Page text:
Cichlidae. Subfamily: Pseudocrenilabrinae
Rocky parts of the shoreline.
Maximum Standard Length
Aquarium SizeTop ↑
30″ x 12″ x 12″ (75cm x 30cm x 30cm) – 70 litres is ok for a single pair.
Temperature: 73-81°F (23-27°C)
Live and frozen foods should comprise a large proportion of the diet. Dried foods can be fed, but use these less often. Vegetable matter, such as spirulina or blanched spinach should also be offered regularly.
Behaviour and CompatibilityTop ↑
A somewhat aggressive, territorial fish best maintained in a species tank. However, in large tanks it can be kept with other small to medium-sized Tanganyikan cichlids that occupy different areas within the tank such as Cyprichromis sp. Other rockdwellers such as Julidochromis or Altolamprologus sp. are possibilities if the tank is large enough and sufficient territories are provided. It should never be kept with Mbuna or other boisterous species. It is very aggressive towards conspecifics and only a single pair should be kept unless the tank is very large.
Not at all easy to sex. Adult males tend to be larger than females.
Possible. Cave spawner. It’s best to start with a group of at least six young fish, allowing these to pair off naturally. The spawning tank should be at least 30″ in length (depending on the size of the initial group) and set up as suggested above. Maintain the pH around 8.2-9.0 and the temperature at 77-80°F. It is far better if no other species are present though it will often spawn in a community situation. Condition the group with a high quality, varied diet as above.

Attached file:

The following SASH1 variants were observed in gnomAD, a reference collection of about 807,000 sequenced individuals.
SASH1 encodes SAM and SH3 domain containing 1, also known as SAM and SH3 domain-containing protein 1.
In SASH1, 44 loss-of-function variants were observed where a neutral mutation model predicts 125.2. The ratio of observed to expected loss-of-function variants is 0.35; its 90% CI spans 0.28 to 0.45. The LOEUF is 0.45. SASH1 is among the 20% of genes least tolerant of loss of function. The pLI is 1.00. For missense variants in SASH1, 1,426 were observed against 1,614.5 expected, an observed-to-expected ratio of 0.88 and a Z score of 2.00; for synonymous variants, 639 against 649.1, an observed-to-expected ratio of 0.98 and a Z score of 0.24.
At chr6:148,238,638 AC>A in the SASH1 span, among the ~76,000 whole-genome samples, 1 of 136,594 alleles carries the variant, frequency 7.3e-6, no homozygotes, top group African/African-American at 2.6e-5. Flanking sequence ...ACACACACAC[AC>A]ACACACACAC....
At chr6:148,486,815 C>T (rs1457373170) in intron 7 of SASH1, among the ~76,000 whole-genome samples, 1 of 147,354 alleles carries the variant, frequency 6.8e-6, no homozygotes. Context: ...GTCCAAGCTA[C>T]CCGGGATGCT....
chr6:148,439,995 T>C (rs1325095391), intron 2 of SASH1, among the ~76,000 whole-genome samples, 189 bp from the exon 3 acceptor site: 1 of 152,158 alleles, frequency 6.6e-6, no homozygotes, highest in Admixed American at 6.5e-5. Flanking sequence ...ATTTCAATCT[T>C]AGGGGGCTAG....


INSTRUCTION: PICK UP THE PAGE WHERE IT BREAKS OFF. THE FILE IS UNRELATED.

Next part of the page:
Be prepared for some losses, or at least to remove some of the group, as subdominants will not usually be tolerated. A single dominant pair will then remain, which will stay together for life. They will spawn secretly in a cave which they often excavate themselves, with the female laying her eggs on the wall or roof of it. Once spawning has occured, the female will tend to the eggs while the male guards the area around the cave. It is often difficult to tell if anything has happened until the fry appear. As a general rule, if you suspect there is a brood in the tank, start adding a food source for the fry.
These are large enough to take brine shrimp nauplii from birth but are quite slow growing. As with other Brichardi complex Neolamprologus species, brood care is long-lived and previous generations of fry are permitted to remain with the parents until they reach sexual maturity. The parents will continue to spawn and several generations can often be seen coexisting in the same aquarium.
This stunning species was only described in 1997 and is included in the so-called “Brichardi complex”, which also includes N. brichardi, crassus, falcicula, gracilis, pulcher, savoryi and splendens. The species should not be mixed in aquaria as they will hybridise freely. N. helianthus can be distinguished from others in the complex by its overall yellow-orange patterning and v-shaped cheek marking.